A day earlier, Indian budget airline IndiGo placed a firm order for 500 Airbus A320 passenger jets. At least on paper, it’s the biggest deal in commercial aviation history.
Air India CEO Campbell Wilson said the massive order would allow Air India to “operate the most advanced and fuel-efficient aircraft” within five years and boost India’s position on the global stage. The deals were first announced by Air India in February, but became official this week.
“We are proud to work with all our partners, including Airbus, on this journey to reinvent global aviation, which reflects India’s growing confidence around the world,” Wilson said.
The Airbus chief commercial officer called Air India’s expansion “one of the most ambitious projects in the airline business today”. Boeing CEO Stan Diehl said the deal “shows [Air India’s] Confidence in our products and services in the world’s fastest growing aviation market.
According to Mike Boyd, a commercial aerospace analyst at Boyd Group International, Airbus currently owns the most attractive jets on the market. But the jet maker is in a “production chokehold” and orders have been pushed back, unable to meet Air India’s full demand.
“Seeing that Airbus couldn’t meet that demand, they called their friends in Seattle. Even in this deal, the Boeing pedigree is clear,” Boyd said.
The Indian government plans to open 100 new airports in the country by 2024, which could double its air force from 600 to 1,200 aircraft, according to India’s Finance Minister Nirmala Sitharaman. The new airports are part of a plan to revamp the country’s transport infrastructure to make air travel cheaper and more accessible between a new network of regional airports.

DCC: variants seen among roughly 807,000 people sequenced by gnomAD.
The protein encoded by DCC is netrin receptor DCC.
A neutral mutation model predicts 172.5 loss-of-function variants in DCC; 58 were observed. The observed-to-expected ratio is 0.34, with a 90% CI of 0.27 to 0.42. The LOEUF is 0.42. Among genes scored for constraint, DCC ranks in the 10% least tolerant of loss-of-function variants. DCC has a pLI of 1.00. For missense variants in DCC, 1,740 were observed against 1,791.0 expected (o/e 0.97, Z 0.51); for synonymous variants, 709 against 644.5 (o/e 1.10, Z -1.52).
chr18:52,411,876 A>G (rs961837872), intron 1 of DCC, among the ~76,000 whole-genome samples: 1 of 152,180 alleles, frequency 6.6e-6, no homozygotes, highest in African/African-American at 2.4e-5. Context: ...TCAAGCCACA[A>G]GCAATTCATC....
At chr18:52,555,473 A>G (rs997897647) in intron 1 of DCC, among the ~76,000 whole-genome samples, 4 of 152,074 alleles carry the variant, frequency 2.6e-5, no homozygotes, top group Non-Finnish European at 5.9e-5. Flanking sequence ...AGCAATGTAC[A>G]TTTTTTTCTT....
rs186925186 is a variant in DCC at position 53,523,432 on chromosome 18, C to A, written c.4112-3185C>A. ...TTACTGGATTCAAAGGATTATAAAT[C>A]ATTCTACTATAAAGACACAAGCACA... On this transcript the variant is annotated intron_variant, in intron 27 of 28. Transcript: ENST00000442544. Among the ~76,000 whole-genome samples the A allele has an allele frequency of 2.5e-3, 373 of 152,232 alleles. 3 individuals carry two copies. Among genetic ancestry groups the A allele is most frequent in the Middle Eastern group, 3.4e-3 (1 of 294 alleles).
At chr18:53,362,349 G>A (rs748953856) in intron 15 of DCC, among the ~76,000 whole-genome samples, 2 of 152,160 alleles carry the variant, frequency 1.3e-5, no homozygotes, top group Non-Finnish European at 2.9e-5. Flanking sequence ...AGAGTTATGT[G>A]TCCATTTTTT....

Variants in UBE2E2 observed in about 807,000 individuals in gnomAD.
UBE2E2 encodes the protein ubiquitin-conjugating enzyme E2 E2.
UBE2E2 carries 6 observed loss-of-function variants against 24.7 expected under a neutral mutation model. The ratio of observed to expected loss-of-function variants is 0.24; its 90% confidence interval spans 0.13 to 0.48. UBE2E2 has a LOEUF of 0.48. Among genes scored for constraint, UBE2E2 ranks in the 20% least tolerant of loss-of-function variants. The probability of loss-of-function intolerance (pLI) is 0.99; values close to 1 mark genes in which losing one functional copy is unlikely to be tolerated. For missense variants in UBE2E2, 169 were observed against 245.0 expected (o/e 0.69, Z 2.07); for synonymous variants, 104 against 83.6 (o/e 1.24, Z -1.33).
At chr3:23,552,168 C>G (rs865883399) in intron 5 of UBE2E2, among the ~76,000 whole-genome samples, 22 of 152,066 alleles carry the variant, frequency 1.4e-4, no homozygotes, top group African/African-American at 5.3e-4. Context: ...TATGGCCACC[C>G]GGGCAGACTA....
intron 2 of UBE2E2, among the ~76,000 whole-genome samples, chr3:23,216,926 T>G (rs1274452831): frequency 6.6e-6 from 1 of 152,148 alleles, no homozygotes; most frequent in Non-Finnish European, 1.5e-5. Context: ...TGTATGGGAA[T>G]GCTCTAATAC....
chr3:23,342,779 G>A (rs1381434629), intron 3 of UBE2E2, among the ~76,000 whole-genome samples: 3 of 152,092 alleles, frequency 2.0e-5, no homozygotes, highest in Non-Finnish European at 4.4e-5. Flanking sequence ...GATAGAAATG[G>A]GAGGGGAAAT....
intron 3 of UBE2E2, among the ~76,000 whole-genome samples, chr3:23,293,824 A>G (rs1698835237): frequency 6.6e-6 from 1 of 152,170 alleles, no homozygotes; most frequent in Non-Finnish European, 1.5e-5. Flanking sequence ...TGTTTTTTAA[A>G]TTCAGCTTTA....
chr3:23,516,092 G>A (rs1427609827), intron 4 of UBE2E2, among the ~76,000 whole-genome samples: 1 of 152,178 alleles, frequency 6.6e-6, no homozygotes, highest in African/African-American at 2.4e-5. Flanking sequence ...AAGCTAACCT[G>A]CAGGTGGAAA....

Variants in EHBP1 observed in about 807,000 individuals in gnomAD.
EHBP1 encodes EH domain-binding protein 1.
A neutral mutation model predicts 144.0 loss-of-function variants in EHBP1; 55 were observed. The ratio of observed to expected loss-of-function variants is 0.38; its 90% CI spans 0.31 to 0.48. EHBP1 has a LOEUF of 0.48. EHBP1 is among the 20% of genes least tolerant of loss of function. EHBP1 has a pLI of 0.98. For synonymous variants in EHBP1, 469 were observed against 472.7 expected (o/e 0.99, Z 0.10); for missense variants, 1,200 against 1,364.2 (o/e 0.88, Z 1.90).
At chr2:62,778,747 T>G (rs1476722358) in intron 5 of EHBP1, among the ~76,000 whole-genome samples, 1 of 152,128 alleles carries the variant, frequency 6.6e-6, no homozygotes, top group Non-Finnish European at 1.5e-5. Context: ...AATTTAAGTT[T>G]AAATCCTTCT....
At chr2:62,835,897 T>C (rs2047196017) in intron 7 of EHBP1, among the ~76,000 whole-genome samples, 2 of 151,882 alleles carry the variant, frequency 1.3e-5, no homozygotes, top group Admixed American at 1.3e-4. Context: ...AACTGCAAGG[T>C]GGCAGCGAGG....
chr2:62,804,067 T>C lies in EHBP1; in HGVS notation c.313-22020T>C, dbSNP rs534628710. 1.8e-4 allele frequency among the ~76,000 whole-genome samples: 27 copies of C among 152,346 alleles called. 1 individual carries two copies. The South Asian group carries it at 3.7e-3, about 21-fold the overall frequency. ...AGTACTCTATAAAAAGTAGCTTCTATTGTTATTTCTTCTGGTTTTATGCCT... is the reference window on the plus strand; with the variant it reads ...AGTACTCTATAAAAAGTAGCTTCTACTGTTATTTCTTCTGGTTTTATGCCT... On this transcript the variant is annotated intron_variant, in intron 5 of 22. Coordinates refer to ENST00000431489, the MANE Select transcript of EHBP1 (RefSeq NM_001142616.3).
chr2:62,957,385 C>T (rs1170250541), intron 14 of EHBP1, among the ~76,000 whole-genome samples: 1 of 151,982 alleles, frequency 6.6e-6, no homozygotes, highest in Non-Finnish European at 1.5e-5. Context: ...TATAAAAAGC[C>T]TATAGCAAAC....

Air India’s deal with Boeing is for 190 737 MAXs, 20 787 Dreamliners and 10 777X jets with an option to purchase an additional 50 737 MAXs and 20 787 Dreamliners, a company statement said. The airline has an order with Airbus for 210 A320neo and A321neo narrow-body jets and 40 A350 widebodies.
At list prices, Air India’s contracts with Boeing and Airbus are worth $70 billion, Air India’s Wilson said in February. But these types of deals are typically 25 percent off list prices, Boyd said, adding that order specifications are subject to change based on advances in technology and regulation.
The first jets under Airbus’ contract with Air India will be wide-body A350s and will be delivered by the end of the year, company spokesman Stephen Schafrath told The Washington Post. Shafrath said the Airbus deal with IndiGo has a delivery window starting in the “early 2030s”. Boeing declined to disclose a delivery window for its contract.
Airbus produces 65 jets per month and is booked with orders through 2029, Schafrath said. By 2026, the jet manufacturer expects production to increase to 75 jets per month.
Boeing shares fell more than 3 percent on Tuesday.